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Dubai's Shiny New Train Set 

Dubai's technologically and aesthetically dazzling metro has already upset this rich Emirate's rigid social hierarchy

Metro Dubai on opening day, Sept. 10, 2009 at Mall of the Emirates station.

Nepenthes via Wikimedia Commons

Metro Dubai on opening day, Sept. 10, 2009 at Mall of the Emirates station.

DUBAI, United Arab Emirates — When his kingdom's roads became so swollen with assorted Mercedes and Hummers that even short trips across town turned into slow motion marathons, His Highness Sheikh Mohammed al Maktoum, the ruler (and unofficial CEO) of Dubai, decreed that a metro be built.

Three-and-a-half years and $7.6 billion later, Sheikh Mohammed, resplendent in royal blue robes and accompanied by the usual pomp and glitz, became the first passenger on the Arabian Peninsula's first rapid rail transit system.

Built by a Japanese consortium and operated by a British contractor, the fully automated system is technologically and aesthetically dazzling. Its driverless, air-conditioned trains glide silently and serenely along elevated tracks through most of the city before dipping underground in the crowded center.

Only 10 of the inaugural line's 29 gold-skinned stations were ready for the Sept. 9 grand opening — the rest are supposed to open next year — so it is too early to tell if Dubai's shiny new train set can persuade the locals to leave their cars in the garage.

But one thing is clear: The metro has already upset the applecart of this rich Emirate's rigid social hierarchy.

Dubai is a city that caters to the ostentatiously wealthy. Like any arriviste, it has a constant need to puff up its ego with outlandish superlatives — the world's tallest building, the world's most luxurious hotel, the world's fanciest shopping mall. A man-made archipelago, shaped like a palm tree and loaded with luxury villas, is the signature symbol of Dubai's devotion to showy opulence.

The metro is different. No velvet rope or electrified security gate to keep out the masses. And in the few weeks since it began running, the new ride has turned into something of social leveler: privileged Emiratis suddenly find themselves in the unfamiliar position of competing for rush-hour seats with their Filipina housemaids.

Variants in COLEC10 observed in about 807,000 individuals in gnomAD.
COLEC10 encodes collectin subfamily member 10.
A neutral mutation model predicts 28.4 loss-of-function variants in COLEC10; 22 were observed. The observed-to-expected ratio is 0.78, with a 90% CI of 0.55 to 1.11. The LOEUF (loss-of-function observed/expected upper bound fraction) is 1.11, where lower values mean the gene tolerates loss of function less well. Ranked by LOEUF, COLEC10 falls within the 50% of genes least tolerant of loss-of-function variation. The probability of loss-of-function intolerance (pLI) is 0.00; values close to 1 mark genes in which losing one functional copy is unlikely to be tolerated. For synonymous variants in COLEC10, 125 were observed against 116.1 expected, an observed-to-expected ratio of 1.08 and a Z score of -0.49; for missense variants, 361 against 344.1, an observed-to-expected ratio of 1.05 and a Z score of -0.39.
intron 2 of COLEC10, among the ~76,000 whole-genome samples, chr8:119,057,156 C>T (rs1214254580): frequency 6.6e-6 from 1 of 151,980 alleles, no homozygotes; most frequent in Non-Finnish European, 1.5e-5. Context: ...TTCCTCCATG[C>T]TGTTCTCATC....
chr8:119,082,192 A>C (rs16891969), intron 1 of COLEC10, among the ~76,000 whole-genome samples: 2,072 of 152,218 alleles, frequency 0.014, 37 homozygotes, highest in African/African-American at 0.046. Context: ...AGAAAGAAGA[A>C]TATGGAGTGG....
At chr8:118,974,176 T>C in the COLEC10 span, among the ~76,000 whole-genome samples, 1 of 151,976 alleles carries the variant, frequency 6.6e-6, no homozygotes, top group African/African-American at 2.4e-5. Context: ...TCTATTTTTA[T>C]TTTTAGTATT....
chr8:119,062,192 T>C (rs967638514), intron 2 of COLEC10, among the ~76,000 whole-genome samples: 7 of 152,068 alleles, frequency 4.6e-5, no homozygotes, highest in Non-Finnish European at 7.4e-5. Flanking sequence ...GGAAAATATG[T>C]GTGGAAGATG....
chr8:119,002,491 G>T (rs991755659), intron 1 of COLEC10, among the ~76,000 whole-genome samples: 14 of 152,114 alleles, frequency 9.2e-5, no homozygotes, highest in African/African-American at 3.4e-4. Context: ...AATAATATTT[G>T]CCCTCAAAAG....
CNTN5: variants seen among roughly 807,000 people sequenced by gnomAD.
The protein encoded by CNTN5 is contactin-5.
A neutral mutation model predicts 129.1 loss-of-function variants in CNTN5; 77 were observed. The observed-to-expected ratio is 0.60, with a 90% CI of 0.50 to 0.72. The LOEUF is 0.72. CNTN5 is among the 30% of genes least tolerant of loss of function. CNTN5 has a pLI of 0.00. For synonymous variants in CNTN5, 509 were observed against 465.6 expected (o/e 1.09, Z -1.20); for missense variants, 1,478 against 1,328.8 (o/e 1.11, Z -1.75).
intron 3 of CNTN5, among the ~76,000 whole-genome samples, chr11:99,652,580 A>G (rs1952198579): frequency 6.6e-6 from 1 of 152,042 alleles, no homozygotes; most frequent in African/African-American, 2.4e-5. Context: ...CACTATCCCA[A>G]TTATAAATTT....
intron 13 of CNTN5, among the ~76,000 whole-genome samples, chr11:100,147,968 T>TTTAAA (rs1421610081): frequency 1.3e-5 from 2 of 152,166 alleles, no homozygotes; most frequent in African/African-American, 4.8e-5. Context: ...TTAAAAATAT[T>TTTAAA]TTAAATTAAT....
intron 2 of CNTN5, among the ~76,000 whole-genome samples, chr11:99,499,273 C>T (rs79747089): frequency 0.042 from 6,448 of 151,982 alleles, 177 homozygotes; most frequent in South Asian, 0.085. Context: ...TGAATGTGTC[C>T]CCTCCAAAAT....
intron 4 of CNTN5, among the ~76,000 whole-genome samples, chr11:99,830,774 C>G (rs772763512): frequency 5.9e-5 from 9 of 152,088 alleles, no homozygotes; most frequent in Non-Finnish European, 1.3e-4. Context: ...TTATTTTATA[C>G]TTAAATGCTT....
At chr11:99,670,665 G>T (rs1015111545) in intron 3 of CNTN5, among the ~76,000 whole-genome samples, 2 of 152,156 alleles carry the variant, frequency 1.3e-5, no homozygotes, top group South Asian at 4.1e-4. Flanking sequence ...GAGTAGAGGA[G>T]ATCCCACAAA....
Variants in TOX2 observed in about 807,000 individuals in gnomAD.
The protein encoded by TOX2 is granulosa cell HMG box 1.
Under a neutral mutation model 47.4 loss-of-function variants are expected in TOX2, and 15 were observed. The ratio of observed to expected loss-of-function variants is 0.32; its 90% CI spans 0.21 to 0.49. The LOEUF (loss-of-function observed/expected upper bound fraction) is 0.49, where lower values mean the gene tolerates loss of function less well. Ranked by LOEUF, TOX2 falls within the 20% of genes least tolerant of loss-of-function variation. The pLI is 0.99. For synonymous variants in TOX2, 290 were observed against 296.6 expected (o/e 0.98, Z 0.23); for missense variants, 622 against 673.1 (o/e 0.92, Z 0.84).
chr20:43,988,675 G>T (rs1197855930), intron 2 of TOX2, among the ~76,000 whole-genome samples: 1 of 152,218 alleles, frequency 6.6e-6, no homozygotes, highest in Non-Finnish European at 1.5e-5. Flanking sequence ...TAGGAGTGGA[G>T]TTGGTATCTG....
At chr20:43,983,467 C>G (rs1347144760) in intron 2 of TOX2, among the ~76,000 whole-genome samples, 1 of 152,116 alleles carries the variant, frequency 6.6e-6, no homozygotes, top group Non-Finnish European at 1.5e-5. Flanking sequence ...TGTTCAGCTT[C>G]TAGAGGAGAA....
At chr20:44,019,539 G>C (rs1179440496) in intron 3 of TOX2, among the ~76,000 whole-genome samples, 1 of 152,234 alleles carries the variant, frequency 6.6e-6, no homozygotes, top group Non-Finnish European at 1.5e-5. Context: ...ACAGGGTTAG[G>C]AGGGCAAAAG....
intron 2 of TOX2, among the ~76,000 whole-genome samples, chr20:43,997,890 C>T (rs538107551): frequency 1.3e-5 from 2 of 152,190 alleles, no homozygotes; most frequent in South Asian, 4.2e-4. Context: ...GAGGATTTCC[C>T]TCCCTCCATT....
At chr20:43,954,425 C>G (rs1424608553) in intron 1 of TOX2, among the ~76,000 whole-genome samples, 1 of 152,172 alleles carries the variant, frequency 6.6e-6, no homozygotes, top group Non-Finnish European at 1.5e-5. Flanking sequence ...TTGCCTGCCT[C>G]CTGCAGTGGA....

Dubai likes to think of itself as a cosmopolitan place. And it is true, many nationalities do coexist here, but they rarely mingle. More often, the different social strata view each other with scarcely veiled disdain.

At the top of the totem pole are the Emiratis. A minority in their own gilded city-state, they represent only 17 percent of the total population of 1.4 million. Cosseted from cradle to grave by a generous welfare state, they tend to exude a certain to-the-manor-born aloofness.

Next are the expats, mainly Brits, but with a smattering of other Europeans, Australians and North Americans. They, too, manage an air of entitlement.

Below them are the small businessmen and professionals from elsewhere in the Middle East and the Asian subcontinent. They've come here to cash in, but usually without the gaudy benefit packages that Western expats claim as their due.

The largest group, more than 70 percent of the population, is the construction workers, housemaids, hotel help, shop clerks, taxi drivers, gardeners and street sweepers who have built the city and keep it running smoothly. They come from poor countries in Asia and live here in a kind of indentured servitude.

But a ticket on the metro costs the same for all — less than fifty cents for short hops in the city center, increasing incrementally for longer rides.

In a nod to the local fetish for luxury and exclusivity, the metro does provide "Gold Class" service where, for double the price, the aristocracy can take refuge from the sweating masses. Gold Class offers a separate car with nicely padded leather seats, but without the "I Dream of Jeannie" cabin attendants familiar to passengers on the national airline.

Gold Class does have its clientele — mainly Emirati men wearing traditional white thobes and headdresses, often accompanied by their veiled wives, children and household retainers. But most locals seem happy enough to mix it up with the rest of us in standard class.

There's also a separate compartment for women and children. Some women use it, especially when the trains are crowded, but the segregated compartments seem to be there to appease those (male) guardians of public morality who believe it is unwholesome for a woman to sit or stand in close proximity to any man not related to her.

I saw one of these self-appointed upholders of virtue trying to shoo two teenage girls into the women's compartment. The girls, who were wearing sleeveless tops, common in Dubai, wouldn't budge.

I have also seen unexpected acts of chivalry: a man offers his seat to a young mother, for example. It is a normal courtesy on the London Tube or the Paris Metro perhaps, but here, where there is little experience with straphangers' etiquette, the ordinary rituals of civility are not yet second nature.

When Dubai has something new to show the world, it usually rolls out the superlatives. The world's tallest, the most exclusive, the most luxurious. No expense was spared in the ad campaign for the new metro, but the tone was decidedly low key and egalitarian: "My City. My Metro."

According to its creator, the Saatchi & Saatchi ad agency, the idea is to foster a sense of civic pride and ownership that cuts across social barriers. If that notion takes root, Dubai will have gained something far more valuable than a shiny new train set.

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